So far, Sweden’s large pension companies – public funds charged with managing the pension savings of Sweden’s taxpayers – have weathered the recent wave of falling stock prices.
Sweden’s Financial Supervisory Authority (Finansinspektionen – FI), which tracks the funds’ performance, believes the pension companies continue to fulfill their solvency requirements in accordance with Swedish law.
However, the agency notes that lower stock prices and falling interest rates have had a negative impact on the companies’ capitalization.
Despite the fact that the pension companies all had substantial buffers at the start of the current wave of economic turmoil, the persistence of uncertainty in the markets and dropping share prices has made the companies more vulnerable, according to FI.
“A continued sharp drop in stock prices and interest rates could alter the current assessment of the companies’ resistance [to continued turbulence],” said the agency in a statement, referring to the pension companies’ limited capacity to lower their risk profiles by selling off risky assets in the short term.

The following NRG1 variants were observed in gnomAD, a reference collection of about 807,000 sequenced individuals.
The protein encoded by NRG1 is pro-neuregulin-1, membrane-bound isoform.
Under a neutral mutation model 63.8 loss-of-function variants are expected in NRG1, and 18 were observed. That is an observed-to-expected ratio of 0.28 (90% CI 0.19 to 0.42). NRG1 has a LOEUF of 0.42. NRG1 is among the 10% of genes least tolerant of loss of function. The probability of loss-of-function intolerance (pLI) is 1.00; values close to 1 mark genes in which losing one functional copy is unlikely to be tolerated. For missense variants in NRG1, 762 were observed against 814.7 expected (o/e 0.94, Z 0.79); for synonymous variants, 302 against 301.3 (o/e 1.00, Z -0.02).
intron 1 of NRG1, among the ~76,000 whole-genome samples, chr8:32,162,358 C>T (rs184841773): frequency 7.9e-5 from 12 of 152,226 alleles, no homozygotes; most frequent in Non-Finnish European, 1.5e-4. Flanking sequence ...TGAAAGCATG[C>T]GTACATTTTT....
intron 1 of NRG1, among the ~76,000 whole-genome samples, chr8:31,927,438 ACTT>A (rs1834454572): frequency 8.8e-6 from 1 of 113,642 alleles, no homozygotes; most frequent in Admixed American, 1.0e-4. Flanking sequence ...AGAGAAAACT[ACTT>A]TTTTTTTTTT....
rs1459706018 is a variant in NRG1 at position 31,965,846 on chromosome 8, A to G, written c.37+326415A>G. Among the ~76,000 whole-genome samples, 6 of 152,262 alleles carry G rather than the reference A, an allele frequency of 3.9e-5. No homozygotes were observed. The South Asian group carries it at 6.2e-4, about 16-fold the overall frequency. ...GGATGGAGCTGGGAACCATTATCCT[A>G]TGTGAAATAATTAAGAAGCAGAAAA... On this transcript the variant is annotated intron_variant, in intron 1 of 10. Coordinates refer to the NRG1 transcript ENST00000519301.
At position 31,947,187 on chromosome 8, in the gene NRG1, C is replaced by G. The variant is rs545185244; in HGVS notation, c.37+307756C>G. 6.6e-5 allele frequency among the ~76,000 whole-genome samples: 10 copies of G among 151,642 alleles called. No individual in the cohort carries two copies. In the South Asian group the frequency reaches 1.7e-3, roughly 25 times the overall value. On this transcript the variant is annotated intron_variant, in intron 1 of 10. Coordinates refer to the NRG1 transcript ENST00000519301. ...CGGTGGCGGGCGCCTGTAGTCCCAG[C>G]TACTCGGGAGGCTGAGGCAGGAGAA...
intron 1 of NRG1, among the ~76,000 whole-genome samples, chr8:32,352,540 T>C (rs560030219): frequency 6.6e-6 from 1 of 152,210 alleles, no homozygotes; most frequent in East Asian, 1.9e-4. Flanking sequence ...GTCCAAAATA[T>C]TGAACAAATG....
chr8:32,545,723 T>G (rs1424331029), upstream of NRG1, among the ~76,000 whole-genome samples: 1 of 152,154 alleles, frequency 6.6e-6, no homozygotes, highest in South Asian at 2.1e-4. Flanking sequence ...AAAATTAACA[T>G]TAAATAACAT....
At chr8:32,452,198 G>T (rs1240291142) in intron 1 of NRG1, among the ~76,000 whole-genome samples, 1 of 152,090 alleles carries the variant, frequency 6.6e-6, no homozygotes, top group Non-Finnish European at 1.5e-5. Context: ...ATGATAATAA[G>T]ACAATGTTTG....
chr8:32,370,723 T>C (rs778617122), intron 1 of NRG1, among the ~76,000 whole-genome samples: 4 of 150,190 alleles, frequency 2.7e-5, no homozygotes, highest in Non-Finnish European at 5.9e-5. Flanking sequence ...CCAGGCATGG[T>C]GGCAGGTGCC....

Meanwhile, Kerstin Hessius, current head of the 3rd AP Fund pension company and a former vice-governor with the Riksbank, slammed the bank for taking its time in reacting to the current crisis.
In an article published in the Svenska Dagbladet (SvD) newspaper, Hessius said it was time for her former colleagues to wake up and take action.
“Hello, my dear former colleagues, have you gotten stuck in your models and the old national accounts built on historical information?” she writes.
Hessius thinks Wednesday’s 0.5 percent repo rate cut, which brought Sweden’s benchmark interest rate down to 4.25 percent, was too little too late “and wasn’t even initiated by the Riksbank”.
Instead, she calls upon the Riksbank to drastically cut interest rates down to 2.25 percent, and to propose to the government that it set up a public guarantee for the Swedish banking system.
She also believes the recently doubled savings guarantee of 500,000 kronor ($71,000) is insufficient.
Moreover, Hessius urges the Riksbank to take a stronger leadership role to head off problems before they occur.
“The reaction has been reactive, they alleviate problems after they’ve materialized…in this situation someone must dare to lead, be proactive, and not lay blame on the crisis being global,” she writes.
“It’s the Riksbank which has the responsibility and the knowledge. Take responsibility and act swiftly! Other countries in Europe will follow.”